Whether you’ve led the business to great success and you’ve decided you want to go out on top or you’re moving onto another venture, preparing your business for sale and vetting potential buyers is a complex but exciting task. Here are a few tips business experts have if you’d like to sell your business.
1. Determine your business value.
Add up the value of everything the business owns, including all equipment and inventory. Subtract any debts or liabilities. How much does the business generate in annual sales? Calculate that and determine, through a stockbroker or a business broker, how much a typical business in your industry might be worth for a certain level of sales. Other than business value in number, consider the value of your business based on its geographical location. In addition, consider its potential strategic value to a would-be acquirer if there are business synergies.
2. Seek legal and financial expertise.
It’s crucial to hire the necessary financial, legal, tax and business advising professionals to ensure the process goes as smoothly as possible. There will be many details that come up for which you may be unprepared, so having the proper resources will be essential.
3. Keep it quiet.
Do the things you need to do first before announcing the transition to a new owner to your customers. You don’t want to put customers into panic mode or not be fully equipped to answer any questions.
4, Hire a professional business broker to help you with listing your business for sale.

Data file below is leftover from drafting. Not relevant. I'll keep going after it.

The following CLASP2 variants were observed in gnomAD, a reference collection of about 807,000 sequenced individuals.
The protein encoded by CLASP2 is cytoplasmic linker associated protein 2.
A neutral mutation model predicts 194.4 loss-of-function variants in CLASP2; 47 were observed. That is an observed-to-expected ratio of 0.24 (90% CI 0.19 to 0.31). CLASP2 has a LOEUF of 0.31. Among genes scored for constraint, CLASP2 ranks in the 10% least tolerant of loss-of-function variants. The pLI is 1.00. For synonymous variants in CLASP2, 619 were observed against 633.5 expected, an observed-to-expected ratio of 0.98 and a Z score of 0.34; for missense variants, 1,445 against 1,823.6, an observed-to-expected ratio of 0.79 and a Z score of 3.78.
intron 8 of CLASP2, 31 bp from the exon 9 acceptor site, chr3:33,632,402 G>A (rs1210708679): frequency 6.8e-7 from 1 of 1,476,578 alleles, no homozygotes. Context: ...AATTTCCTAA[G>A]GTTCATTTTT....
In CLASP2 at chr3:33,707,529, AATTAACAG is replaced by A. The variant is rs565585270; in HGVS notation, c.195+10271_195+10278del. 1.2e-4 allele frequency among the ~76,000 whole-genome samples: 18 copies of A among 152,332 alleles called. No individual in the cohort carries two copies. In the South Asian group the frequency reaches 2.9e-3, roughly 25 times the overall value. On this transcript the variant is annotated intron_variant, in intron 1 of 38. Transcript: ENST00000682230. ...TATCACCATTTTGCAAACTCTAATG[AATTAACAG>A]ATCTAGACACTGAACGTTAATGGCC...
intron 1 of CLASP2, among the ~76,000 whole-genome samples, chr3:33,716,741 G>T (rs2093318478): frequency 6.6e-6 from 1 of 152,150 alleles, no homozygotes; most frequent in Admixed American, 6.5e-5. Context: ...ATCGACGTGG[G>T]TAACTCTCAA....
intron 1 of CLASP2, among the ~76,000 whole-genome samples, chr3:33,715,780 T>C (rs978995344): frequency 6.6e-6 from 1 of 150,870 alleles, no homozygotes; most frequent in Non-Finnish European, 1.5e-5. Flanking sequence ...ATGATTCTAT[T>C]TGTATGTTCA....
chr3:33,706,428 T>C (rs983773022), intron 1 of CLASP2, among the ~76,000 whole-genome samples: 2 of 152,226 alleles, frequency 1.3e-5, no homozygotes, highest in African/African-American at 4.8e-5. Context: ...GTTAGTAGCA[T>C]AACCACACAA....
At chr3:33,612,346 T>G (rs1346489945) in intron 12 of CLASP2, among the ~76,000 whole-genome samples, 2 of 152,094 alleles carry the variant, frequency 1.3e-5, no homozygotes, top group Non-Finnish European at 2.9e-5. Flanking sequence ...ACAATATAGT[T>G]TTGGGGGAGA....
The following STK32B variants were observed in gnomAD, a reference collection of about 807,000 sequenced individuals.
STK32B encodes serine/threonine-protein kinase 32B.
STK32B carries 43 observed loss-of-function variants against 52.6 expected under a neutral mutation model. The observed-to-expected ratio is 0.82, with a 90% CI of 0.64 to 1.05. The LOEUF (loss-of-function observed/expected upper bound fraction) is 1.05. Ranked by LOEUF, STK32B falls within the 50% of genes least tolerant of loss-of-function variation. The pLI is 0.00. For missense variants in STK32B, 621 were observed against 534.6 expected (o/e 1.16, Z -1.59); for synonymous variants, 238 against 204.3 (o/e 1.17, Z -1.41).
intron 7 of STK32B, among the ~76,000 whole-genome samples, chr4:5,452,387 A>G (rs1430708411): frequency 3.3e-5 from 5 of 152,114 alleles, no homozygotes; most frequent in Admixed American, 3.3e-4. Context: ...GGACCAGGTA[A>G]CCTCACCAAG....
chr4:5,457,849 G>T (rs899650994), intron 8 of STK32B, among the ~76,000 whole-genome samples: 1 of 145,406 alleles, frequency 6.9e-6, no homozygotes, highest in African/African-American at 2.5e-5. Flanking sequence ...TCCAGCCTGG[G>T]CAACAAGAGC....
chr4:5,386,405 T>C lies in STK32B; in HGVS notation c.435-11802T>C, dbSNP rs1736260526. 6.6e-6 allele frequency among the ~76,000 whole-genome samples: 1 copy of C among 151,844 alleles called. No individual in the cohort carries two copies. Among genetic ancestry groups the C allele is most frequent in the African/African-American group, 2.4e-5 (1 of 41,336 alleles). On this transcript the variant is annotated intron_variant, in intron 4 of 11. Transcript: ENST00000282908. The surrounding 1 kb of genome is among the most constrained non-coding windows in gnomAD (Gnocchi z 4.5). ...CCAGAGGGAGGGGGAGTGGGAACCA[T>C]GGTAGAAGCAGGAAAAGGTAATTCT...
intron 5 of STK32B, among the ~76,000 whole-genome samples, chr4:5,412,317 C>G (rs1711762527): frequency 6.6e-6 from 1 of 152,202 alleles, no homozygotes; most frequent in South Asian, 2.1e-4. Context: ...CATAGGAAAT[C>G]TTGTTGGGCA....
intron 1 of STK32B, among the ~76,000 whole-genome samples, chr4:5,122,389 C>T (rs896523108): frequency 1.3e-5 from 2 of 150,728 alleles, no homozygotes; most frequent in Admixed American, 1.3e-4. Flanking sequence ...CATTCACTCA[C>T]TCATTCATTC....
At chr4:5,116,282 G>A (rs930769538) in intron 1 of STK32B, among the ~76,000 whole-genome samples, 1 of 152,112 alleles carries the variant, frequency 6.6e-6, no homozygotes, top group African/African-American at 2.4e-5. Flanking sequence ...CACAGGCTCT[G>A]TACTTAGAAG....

A business broker will help give your business market visibility where you want it and will increase your chances of finding the best fit. A broker can also help you set a realistic asking price, and help you with marketing your business and contacting potential buyers on your behalf.
5. Set a realistic asking price.
If your business is doing well, it can be tempting to set a very high asking price. In reality, there are many factors that buyers will look at when considering a purchase. Consider profits, client relationships and the personal investment of time that will be required for the new owner to make the transition successful, and set your asking price accordingly.
6. Get the paperwork in order.
The legwork for the sale of a business starts long before you’re ready to put up a for-sale sign. All potential buyers are going to want to see taxes, financials and any existing contracts pertaining to your business. Take the time to get all of these things organized.
7. Get your offers in writing.
If and when several offers start coming in, it will be imperative to have things in writing to make accurate and proper comparisons. Price alone will not be the only factor to consider, so it will be useful to record the details of each offer to ultimately determine which is the best one.
8. Tie up loose ends.
It’s essential that you make sure you have handled all payments, late payments, defaults and promises. If you promised a team member shares in the company, even if you are selling, it’s time to do what you’ve promised. Having any loose ends may cause problems when you are trying to complete the deal, so make sure you tie up all loose ends, even the small ones.
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